Communities in western Alaska are sharing more than $5.6 million in federal grants to relieve soaring energy costs.
The money is through of the federal Department of Agriculture’s Rural Development wing. The High Energy Cost grant program offers funds to relieve energy prices in areas that are more than 275 percent above the national average. For electricity, that average is $0.26 per kilowatt hour.
In Alaska, the big winner of the annual grant is the Yukon Delta community of Kipnuk, about 100 miles southwest of Bethel. The USDA is giving the village’s utility $2.97 million for energy projects that combine wind, heat, and diesel power. Kipnuk Utility manager Sam Carl confirmed the funds will go toward three wind turbines and about 100 thermal stoves.
“In my area here our kilowatt hour is about $0.61,” said William Igkurak, who owns Chaninik Wind Group. The wind group is helping Kipnuk purchased the thermal stoves, which use wind power to heat large arrays of bricks. The stoves can be fully charged within a day, and they can provide heat for three or four days.
“Once you turn the stove on, there’s enough stored energy to heat up (a room) in a matter of minutes,” Igkurak said. That could bring costs for energy down to “about ten cents per kilowatt hour,” he added.
In all, the USDA grant claims the Kipnuk project will lower home heating fuel use by 8,800 gallons and reduce the fuel required for powering the community by up to 40 percent.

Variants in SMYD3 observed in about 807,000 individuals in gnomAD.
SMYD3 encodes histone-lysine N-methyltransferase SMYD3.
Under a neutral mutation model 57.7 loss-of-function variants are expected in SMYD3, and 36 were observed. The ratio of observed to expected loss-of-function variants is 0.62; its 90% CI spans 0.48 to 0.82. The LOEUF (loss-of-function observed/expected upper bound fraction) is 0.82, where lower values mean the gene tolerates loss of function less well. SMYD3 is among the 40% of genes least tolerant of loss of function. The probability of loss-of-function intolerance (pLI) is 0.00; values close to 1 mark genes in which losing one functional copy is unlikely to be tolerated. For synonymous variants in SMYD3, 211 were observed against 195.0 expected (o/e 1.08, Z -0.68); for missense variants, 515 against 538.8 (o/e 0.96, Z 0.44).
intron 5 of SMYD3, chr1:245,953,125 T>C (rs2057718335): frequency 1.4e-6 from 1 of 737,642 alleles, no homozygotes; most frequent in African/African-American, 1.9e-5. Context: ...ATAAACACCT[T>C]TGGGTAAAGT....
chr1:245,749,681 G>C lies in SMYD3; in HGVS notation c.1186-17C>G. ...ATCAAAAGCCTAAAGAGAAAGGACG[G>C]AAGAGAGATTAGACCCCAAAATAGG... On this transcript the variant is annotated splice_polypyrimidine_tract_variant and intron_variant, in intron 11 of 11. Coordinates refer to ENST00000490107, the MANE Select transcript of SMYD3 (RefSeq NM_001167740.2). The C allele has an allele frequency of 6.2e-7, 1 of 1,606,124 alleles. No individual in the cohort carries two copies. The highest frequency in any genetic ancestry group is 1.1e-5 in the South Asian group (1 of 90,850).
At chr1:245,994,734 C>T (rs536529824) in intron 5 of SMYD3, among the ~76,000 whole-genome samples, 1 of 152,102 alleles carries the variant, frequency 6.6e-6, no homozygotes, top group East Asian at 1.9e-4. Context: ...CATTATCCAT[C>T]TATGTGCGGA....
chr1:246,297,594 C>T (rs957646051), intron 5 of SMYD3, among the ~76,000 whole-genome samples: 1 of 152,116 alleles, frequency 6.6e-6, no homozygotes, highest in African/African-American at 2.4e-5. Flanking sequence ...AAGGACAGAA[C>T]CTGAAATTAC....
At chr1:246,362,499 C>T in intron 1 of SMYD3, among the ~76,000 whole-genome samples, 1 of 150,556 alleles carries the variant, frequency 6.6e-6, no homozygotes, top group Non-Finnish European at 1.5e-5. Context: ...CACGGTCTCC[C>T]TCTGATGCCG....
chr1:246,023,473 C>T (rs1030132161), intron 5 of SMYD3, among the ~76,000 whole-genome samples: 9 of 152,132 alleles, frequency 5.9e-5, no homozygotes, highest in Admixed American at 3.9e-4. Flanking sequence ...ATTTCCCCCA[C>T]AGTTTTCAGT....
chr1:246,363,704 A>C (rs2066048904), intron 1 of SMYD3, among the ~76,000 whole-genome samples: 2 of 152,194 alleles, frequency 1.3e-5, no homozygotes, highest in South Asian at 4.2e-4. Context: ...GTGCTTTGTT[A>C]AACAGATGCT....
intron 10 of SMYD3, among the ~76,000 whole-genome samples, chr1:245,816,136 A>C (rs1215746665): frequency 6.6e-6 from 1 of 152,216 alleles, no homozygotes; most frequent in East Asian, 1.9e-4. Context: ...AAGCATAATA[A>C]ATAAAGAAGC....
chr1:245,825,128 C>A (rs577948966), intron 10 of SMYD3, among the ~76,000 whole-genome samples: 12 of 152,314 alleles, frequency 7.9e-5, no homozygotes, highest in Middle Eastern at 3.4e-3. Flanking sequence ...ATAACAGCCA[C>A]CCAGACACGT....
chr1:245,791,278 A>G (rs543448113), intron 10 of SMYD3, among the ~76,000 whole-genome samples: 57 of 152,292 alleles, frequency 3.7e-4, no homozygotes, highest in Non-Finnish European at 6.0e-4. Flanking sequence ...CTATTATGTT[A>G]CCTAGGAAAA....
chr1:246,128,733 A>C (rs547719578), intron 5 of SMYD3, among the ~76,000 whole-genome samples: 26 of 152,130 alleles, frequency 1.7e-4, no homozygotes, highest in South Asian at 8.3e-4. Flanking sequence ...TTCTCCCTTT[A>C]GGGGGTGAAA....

The grant is also providing relief in Noatak—more than 580 miles north of Kipnuk—where tribal administrator Herbert Walton says every ounce of fuel, from gasoline to diesel for the town generators, has to be flown in.
“We haven’t had a barge in over 20 years,” Walton laughed. “River’s too shallow for a barge. Everything is flown in. It’s $8.99 for the stove oil, same price for the gas. All the building material, all the food and fuel, all that’s flown in.”
Noatak is part of AVEC, the Alaska Village Electrical Cooperative that serves 55 communities in Alaska. The grant gives AVEC over $358,800 to replace a diesel engine that’s 23 years old. The replacement generator is billed as more fuel-efficient, and will have a marine manifold that can recover waste heat from the engine.
With electricity in Noatak at $0.81 cents a kilowatt hour, AVEC president and CEO Mira Kohler said the new generator will help trim energy bills, if only slightly.
“It will allow for the use of more energy out of the same amount of diesel, hopefully displace some gallons of heating fuel, and reduce the number of gallons that we use to generate electricity,” she said. “So the cost of electricity should go down slightly, close to a ten percent reduction.”
The Denali Commission, a federal agency providing utility services in many areas of the state, is getting the remaining $2.3 million for new facilities in several rural communities.
A spokesperson for the USDA in Alaska said the last time one of the rural energy grants was awarded was in 2012.